As the midterm elections draw near, approximately 150 companies, including Walmart, Patagonia and Lyft, have come together to form the Time to Vote campaign. This initiative is aimed at increasing voter turnout at the midterm elections.
The companies involved in Time to Vote are taking different steps to achieve this goal. Some are focused on ensuring that their own employees go to the polls. For example, Patagonia will shut down its corporate campus and all US retail stores on November 6th to give employees time to vote. Further, Levi Strauss will give all employees at least three hours off to vote.
Other companies are focused on increasing voter awareness and accessibility to vote. For instance, Walmart created a website with election materials and information. In addition, Lyft is offering discounted rides anywhere in the United States and free rides to people in underserved communities.
Executives say the Time to Vote initiative is a nonpartisan effort aimed at increasing voter participation. However, it is impossible to ignore the symbolism in America’s current political climate. Though the Trump administration might have a business-friendly reputation, as evidenced by this year’s tax overhaul, many of the companies involved in Time to Vote have become increasingly outspoken in their opposition to President Trump’s policies.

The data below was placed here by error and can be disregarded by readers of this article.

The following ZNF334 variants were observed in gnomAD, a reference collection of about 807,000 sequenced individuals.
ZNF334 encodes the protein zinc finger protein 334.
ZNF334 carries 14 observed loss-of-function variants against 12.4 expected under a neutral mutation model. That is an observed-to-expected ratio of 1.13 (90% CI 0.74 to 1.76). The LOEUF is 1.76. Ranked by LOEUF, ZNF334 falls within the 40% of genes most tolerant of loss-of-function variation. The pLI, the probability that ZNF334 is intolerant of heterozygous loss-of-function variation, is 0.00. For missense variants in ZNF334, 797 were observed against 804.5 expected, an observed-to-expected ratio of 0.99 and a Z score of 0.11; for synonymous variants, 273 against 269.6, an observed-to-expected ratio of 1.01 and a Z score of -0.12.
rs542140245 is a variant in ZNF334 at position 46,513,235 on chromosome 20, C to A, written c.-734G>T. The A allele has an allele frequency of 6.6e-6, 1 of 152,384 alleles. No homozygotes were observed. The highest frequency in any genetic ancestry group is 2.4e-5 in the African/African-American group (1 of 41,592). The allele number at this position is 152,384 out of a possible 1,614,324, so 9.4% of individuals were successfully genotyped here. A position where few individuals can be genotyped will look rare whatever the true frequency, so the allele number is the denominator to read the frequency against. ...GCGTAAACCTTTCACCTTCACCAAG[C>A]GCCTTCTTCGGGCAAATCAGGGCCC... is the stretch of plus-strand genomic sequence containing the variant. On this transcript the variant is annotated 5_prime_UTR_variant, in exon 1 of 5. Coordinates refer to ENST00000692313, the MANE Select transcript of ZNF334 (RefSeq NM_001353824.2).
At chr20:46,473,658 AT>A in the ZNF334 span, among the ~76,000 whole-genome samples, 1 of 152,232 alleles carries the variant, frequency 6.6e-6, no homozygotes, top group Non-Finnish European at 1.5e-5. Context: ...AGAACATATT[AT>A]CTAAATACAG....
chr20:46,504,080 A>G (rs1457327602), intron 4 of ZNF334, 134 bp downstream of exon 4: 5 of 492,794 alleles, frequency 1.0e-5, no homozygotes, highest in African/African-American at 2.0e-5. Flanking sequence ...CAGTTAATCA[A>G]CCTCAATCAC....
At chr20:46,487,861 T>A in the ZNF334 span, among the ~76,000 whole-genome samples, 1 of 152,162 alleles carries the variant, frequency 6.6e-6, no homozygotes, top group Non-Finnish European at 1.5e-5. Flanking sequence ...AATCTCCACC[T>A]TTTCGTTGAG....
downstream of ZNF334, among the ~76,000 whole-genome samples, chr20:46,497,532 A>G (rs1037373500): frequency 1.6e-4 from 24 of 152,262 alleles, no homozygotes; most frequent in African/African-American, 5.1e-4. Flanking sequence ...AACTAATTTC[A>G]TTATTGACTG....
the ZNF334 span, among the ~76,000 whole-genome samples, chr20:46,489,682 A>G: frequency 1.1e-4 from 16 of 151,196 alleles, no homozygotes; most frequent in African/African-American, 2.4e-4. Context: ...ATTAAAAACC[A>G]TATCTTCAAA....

Patagonia sued President Trump last December over the diminishment of national monuments. Further, Walmart’s chief executive, Doug McMillon criticized President Trump after he refused to condemn white supremacists following the violent protests in Charlottesville in the summer of 2017. Lyft also made a $1 million donation to the ACLU after President Trump announced his initial travel ban.
Regardless of whether the companies have an underlying goal of expressing disdain for President Trump or whether their efforts are truly non-partisan, the companies seem to be responding to their stakeholders’ interests. Scott Farrel, communications executive for the international PR firm Golin, said in August 2017 that, “Millennials want companies to take a stand. A measured risk needs to be taken, and whichever way you want to go, you can’t sit in the middle anymore.”
Farrel’s sentiment appears to be shared by many companies, so it will be interesting to follow the businesses involved in Time to Vote as we approach Election Day.